In 1996, Shareef Cousin was 16 years old when he was sentenced to death for the alleged murder of Michael Gerardi in the French Quarter of New Orleans. It was not until 1999, after spending four years of his youth on death row, Cousin was exonerated of all charges.
“When I tell my story, I don’t like to say I was ‘exonerated from evidence’ or ‘wrongfully convicted,’ I was framed . . . everyone knew they had the wrong person,” Cousin told a captivated audience as he recounted the series of events that led to his conviction.
Following the murder, three men had been seen fleeing the scene and getting into a car identified by an eyewitness, Cousin said. Those men were questioned and released even though they had no alibis. Instead, the detective on Cousin’s case called in an “anonymous tip” to the police to identify Cousin as the assailant.
At trial, the key witness was the girlfriend of the victim who witnessed the murder, and although she initially said she could not identify the assailant, “positively” identified Cousin at trial. Most startling, however, was that there was videotape evidence of Cousin playing in an organized basketball game during the time of the murder. The key witnesses at that event, Cousin’s teammates and members of the opposing team, mysteriously could not be found when they were called to the witness stand to testify on Cousin’s behalf. It was later discovered that the prosecuting attorney had locked them away in his office when they were meant to be in court.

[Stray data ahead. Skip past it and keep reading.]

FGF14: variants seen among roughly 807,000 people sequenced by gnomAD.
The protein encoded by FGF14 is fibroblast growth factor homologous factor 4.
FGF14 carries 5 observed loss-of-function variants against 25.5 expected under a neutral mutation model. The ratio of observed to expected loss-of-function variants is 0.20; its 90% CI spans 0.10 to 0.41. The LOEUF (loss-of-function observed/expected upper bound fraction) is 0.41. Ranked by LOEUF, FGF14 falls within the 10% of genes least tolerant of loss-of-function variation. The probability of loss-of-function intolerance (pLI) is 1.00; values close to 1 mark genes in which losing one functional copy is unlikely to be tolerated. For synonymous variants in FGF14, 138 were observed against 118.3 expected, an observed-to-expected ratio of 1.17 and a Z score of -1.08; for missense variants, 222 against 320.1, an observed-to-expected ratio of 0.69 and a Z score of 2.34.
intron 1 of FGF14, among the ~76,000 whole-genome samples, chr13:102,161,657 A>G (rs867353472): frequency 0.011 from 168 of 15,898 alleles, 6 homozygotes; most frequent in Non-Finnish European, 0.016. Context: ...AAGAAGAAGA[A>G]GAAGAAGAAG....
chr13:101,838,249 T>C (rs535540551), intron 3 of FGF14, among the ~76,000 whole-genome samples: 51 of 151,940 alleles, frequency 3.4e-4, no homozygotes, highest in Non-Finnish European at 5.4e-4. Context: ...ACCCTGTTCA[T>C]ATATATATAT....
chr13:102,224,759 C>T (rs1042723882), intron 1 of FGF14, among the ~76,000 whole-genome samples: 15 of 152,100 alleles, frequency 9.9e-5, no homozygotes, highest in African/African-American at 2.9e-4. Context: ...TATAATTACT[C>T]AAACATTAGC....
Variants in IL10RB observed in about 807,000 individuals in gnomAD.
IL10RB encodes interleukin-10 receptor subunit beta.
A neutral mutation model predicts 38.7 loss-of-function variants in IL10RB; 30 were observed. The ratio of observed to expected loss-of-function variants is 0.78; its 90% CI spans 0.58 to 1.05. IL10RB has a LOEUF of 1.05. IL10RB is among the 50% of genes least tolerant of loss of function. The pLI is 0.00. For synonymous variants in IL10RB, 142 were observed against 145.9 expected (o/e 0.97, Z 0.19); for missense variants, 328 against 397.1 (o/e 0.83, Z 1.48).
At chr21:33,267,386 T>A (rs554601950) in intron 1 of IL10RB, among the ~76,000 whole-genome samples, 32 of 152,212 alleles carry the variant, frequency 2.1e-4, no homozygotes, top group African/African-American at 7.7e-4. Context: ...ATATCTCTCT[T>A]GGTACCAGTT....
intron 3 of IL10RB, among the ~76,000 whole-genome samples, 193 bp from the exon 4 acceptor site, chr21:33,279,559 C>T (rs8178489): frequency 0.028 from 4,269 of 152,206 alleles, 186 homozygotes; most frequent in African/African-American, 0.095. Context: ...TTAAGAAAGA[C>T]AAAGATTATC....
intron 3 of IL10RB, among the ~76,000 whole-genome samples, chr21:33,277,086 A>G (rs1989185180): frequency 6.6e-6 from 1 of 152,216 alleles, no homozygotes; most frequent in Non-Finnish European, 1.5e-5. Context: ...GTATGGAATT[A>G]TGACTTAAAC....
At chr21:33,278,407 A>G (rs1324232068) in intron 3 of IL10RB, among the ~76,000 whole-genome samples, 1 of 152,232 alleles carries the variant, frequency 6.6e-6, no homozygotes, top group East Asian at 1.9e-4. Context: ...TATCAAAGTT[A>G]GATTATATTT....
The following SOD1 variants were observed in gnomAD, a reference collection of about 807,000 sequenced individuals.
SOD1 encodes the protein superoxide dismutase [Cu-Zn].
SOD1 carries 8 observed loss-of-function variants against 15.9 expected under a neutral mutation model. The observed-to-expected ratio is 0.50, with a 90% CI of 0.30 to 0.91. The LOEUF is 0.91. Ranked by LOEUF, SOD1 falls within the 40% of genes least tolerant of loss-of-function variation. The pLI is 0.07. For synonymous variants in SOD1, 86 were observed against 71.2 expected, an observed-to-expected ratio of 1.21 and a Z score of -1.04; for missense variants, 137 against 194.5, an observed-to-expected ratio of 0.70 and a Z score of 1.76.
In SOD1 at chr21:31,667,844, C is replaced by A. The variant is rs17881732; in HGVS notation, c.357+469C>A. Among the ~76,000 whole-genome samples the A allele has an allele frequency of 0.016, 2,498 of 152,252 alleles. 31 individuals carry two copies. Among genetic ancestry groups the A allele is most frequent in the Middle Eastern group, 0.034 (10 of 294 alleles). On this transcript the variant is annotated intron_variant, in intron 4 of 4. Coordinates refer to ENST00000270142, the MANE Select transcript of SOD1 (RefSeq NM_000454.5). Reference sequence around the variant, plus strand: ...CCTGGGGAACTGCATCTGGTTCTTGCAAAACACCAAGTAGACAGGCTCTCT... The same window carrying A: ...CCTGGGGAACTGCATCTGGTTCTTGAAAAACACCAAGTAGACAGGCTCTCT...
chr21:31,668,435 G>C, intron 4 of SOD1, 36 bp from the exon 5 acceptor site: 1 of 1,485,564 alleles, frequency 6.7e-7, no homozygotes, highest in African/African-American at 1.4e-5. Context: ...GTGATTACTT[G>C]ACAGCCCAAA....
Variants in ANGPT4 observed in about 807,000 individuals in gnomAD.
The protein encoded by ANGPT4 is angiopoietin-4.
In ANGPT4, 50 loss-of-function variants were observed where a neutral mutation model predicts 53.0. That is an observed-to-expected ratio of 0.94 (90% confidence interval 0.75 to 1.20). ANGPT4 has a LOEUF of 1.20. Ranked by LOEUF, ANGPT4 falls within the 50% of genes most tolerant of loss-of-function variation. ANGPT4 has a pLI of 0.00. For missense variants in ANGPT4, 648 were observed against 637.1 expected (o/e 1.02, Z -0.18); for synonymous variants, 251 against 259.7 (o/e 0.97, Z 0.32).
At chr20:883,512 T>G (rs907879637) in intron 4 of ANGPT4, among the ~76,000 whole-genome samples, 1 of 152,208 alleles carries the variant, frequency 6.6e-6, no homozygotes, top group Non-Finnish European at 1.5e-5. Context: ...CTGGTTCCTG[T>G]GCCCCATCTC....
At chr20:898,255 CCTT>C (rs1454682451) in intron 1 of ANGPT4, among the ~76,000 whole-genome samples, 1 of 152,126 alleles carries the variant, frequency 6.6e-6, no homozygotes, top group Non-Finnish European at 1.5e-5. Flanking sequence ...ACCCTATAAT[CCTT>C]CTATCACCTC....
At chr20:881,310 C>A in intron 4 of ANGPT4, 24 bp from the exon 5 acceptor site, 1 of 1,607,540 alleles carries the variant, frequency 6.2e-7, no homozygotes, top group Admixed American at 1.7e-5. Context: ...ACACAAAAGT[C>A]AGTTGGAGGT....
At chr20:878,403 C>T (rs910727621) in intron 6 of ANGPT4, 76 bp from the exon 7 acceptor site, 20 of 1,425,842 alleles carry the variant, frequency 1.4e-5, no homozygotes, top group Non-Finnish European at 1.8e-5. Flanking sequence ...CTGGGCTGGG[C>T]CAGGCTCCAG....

Cousin’s story is one of a stolen childhood, betrayal, suffering but, most importantly, as Cousin conveys, the story of a broken system, a system that will produce more stories like his unless the death penalty is abolished, he said. Referring to the disproportionate number of black men sentenced to death, capital punishment is a funny term, Cousin said, because, in most cases, “it is those without the capital that get the punishment.” Unfortunately, Cousin argued, race is one of many issues in most death penalty because the system is flawed. The only solution to prevent further injustices like Cousin’s is to abolish the capital punishment system completely, Cousin argued. This is why he travels the country to tell his story and how he reconciles his horrific past with a hopeful future, he said.
Cousin charged those law students in the audience to “help carry [his] torch” to abolish a flawed system. “Don’t be lazy intellectuals,” Cousin demanded. Be proactive and fight for this cause, Cousin urged the students.
Cousin is a member of the Innocence Project, a national litigation and public policy organization dedicated to exonerating wrongfully convicted people.
Cousin’s presentation rounded out Diversity Week at the law school. Throughout Diversity week student organizations celebrate diversity across the legal profession and within the Philadelphia bar during through a series of events surrounding issues of race, diversity and the law.
Following Cousin’s talk, the law school’s Assistant Dean, Mary McGovern, was honored for her contribution to organizing events that celebrate diversity and empowering students to do the same.